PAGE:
Not everything is needed on the list, just something to consider when figuring out what to look for when you are looking for land.

  7. @ PP.. thanks! Just running things through my mind. I know a lot of people who dream to go off the grid and live off the land, yet absolutely no idea what to look for when picking a parcel, much less the work to get it going.

    I really hope.. more get it going.

  8. @ PP... Missouri..much more friendly gardening zone.. on paper.

    Agreed on the building thing being a pain.. a couple of friends spent years in WI building a cob home in a secluded forest area.. and had to tear it down.

    Cob is an ancient building method.. and an excellent one at that.

    We are somewhat rushing to get a few more things made.. as they are trying to hinder building out here. For crying out loud.. just last year they *almost* passed something that would have put METERS ON PRIVATE WELLS!!

  9. @ Kymber.. love to hear that!! So great when you find the place that suits you and your needs. Brilliant you were able to find your slice of heaven. :)

  10. Meters on private wells!!!! For crying out loud!!!!

    BTW, I sent the seeds your way! My packaging is not quite up to par with your careful, thoughtful methods, but I hope that they will reach you safely and uncrushed!

    I have been looking around for land, and I have considered many of those subjects you mentioned, great post! You are a walking encyclopedia of knowledge my friend, I'm in awe!

  11. Fantastic advice, sometimes we are so clouded with the dream we forget to take a look around. Coming out of experience, although we thankfully did not buy the land- just borrowed it long enough to learn.

  12. @ AJK.. the old timers around here would have ripped off the meters before the service guys made it to the mailbox. 1 vote away from passing. It would have been mayhem from the residents.

    I got the package!!!!! AMAZING!!!! I will post about it! TY TY TY!! Exciting mix!! (I am beyond elated!)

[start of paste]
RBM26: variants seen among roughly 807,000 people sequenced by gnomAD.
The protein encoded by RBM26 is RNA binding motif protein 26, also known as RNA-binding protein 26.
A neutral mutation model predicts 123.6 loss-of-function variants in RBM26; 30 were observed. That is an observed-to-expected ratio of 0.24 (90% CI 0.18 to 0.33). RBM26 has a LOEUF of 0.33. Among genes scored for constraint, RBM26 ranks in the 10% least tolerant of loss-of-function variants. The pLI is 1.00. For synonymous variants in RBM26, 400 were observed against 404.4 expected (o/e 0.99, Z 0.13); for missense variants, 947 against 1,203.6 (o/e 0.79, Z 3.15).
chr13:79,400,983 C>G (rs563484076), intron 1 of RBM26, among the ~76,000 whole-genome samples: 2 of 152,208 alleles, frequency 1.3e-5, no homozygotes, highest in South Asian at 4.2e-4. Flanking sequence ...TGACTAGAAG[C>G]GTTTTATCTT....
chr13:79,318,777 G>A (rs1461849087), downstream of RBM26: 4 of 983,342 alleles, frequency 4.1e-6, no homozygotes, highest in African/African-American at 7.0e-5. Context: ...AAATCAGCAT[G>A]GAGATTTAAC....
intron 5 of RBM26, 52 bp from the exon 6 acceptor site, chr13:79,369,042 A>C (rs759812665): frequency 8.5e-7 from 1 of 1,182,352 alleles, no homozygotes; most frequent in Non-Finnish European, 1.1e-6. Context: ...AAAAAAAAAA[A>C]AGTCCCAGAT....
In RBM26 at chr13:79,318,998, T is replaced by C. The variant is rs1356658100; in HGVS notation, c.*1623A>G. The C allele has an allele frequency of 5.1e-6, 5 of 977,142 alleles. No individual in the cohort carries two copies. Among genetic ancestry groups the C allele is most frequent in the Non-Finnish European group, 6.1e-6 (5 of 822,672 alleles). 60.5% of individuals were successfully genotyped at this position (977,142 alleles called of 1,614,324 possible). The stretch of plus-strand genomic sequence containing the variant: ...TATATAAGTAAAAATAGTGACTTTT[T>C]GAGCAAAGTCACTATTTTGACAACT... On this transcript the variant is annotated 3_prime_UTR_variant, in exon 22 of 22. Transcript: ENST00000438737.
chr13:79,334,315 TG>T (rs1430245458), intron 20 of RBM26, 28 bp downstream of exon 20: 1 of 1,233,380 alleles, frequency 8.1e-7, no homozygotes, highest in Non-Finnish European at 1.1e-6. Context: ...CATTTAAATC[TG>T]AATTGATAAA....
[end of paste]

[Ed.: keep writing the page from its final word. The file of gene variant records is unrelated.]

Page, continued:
The list is off of things we have encountered, conversations with my Mom (when she was selecting the land decades ago).. and the logistics of the neighbor as he went through why he picked what he did, his organization and uses of the land (which is different than mine. He has mostly forested land, ponds he made from his springs, little by way of fields- to rent to pay the taxes- and a small garden. He's a hunter and a forager primarily... and by choice. He's a 1 man operation with no time for livestock. So he tends his forest vigilantly all year. Probably the only person around here with an orchard for the deer, and meadows he never mows so they have grazing galore. In dry times, he will divert the water from the stocked ponds to keep the grasses green.) His strategy works for him.

  13. @ Peterson..
    that is one bonus to an already or formerly set up farm! The last flood here brought to my attention, and many others.. how the very old sites were extremely thought out when first built. The houses and barns did not get flooded, the torrents went below them, and in one amazing case, around the structures! Even the old pastures had high ground for the animals.. but the "new" farms and buildings .. many suffered incredible damage.

    We're still figuring the logistics of the big farm. It was designed for dairy and timber.. as well for tillage. Not irrigated tillage.. which for my purposes makes it challenging. Black walnut and fields on high ground. Fencing.. oh boy.. that price tag will make ya cringe. My husband has a knack for animals.. although horses he truly has a gift.